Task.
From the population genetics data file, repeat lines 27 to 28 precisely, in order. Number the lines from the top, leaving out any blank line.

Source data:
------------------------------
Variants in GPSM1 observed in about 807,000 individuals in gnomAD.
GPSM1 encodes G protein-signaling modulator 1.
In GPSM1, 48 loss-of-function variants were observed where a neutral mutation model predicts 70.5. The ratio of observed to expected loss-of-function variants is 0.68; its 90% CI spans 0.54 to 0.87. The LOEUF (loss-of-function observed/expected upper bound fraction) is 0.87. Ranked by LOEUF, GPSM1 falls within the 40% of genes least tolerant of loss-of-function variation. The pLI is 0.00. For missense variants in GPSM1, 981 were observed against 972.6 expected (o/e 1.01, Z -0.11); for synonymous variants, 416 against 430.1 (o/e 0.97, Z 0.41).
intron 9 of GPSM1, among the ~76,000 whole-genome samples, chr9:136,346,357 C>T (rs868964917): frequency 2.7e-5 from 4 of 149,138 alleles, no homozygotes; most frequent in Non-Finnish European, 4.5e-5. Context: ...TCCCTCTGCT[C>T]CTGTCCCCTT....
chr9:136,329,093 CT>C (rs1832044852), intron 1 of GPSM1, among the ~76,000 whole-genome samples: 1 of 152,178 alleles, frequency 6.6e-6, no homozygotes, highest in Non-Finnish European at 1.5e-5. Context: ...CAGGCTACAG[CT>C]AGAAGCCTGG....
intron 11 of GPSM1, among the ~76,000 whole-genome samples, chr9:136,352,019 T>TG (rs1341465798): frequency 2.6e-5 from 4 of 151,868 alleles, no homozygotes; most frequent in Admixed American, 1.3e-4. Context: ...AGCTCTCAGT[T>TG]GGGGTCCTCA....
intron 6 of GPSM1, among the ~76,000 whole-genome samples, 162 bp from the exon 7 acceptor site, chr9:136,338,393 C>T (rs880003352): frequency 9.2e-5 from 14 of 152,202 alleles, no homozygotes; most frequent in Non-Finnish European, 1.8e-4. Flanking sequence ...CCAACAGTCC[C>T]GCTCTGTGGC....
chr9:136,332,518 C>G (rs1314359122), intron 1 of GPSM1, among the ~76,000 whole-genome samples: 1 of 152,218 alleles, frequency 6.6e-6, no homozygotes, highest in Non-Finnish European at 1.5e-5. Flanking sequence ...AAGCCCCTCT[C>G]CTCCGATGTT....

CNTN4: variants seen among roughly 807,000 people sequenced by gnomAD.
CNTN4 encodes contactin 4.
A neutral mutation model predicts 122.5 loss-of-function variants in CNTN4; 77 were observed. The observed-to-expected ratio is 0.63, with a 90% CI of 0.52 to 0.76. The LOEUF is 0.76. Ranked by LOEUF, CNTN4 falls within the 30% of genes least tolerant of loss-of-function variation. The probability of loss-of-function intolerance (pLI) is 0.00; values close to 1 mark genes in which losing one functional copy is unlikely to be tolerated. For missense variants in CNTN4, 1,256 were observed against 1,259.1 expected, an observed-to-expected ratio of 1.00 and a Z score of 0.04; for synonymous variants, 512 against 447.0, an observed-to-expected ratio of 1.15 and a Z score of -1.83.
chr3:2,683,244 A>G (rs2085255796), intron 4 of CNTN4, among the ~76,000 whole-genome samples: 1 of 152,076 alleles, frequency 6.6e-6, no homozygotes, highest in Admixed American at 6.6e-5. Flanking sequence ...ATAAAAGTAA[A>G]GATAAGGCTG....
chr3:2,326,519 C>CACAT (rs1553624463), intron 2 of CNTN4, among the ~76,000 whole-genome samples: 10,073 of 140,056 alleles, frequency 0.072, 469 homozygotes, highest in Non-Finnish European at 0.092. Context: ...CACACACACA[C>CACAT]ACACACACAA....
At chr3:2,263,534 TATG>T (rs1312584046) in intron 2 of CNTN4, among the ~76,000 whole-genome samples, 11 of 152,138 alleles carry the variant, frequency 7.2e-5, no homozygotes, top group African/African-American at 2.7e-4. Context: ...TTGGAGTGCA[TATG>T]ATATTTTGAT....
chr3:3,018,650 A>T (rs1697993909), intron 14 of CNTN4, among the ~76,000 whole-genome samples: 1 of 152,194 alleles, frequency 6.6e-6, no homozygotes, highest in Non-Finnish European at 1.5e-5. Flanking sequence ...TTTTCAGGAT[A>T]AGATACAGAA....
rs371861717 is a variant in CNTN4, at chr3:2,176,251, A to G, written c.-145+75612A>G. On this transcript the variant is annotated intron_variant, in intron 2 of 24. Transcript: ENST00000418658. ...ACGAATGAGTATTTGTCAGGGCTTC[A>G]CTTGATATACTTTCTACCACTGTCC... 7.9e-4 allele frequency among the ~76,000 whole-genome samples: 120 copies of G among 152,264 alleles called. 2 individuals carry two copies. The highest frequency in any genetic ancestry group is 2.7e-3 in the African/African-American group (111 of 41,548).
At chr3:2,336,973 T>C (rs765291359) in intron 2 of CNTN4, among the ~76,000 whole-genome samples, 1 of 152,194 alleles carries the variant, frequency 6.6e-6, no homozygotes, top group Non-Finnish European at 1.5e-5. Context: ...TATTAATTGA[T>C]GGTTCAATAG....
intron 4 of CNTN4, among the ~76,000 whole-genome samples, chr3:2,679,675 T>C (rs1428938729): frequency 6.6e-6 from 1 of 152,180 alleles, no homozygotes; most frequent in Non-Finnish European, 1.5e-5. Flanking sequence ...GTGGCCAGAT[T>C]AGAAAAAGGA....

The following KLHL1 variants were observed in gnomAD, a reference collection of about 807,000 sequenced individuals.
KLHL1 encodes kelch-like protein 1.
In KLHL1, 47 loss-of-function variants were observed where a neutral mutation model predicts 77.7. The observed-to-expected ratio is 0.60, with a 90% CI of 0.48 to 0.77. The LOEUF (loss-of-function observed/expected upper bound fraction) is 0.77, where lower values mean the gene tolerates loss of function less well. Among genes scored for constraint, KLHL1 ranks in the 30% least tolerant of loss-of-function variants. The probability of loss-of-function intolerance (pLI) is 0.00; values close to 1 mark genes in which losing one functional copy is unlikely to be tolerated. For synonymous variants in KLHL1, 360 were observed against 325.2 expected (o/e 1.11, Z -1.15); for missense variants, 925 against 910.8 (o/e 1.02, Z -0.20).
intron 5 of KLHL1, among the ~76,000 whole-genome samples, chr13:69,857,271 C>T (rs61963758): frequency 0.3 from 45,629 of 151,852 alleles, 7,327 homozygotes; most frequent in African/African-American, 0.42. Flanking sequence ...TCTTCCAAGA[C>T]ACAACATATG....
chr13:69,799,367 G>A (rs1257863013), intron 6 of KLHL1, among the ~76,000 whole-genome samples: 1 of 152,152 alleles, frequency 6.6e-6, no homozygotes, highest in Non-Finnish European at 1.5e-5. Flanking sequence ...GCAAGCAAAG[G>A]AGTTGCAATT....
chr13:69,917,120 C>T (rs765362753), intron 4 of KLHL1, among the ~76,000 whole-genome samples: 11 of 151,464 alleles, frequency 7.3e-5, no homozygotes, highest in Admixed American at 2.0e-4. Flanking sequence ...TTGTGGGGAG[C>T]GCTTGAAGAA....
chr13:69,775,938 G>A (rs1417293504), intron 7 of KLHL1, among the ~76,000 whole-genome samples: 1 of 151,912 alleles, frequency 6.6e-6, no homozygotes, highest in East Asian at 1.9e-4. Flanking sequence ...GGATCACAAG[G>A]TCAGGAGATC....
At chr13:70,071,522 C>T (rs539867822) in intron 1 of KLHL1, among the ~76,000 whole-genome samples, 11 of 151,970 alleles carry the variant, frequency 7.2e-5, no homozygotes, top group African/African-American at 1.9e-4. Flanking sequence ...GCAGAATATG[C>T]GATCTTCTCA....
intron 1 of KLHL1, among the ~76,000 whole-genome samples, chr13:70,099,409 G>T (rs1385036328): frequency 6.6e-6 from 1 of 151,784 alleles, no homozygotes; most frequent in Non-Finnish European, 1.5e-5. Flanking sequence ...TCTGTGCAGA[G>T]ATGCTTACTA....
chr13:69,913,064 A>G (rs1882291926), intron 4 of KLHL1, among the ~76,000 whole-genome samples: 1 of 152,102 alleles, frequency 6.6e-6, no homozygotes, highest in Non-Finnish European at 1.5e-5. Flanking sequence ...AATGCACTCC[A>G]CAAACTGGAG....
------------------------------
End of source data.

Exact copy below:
intron 1 of KLHL1, among the ~76,000 whole-genome samples, chr13:70,099,409 G>T (rs1385036328): frequency 6.6e-6 from 1 of 151,784 alleles, no homozygotes; most frequent in Non-Finnish European, 1.5e-5. Flanking sequence ...TCTGTGCAGA[G>T]ATGCTTACTA....
chr13:69,913,064 A>G (rs1882291926), intron 4 of KLHL1, among the ~76,000 whole-genome samples: 1 of 152,102 alleles, frequency 6.6e-6, no homozygotes, highest in Non-Finnish European at 1.5e-5. Flanking sequence ...AATGCACTCC[A>G]CAAACTGGAG....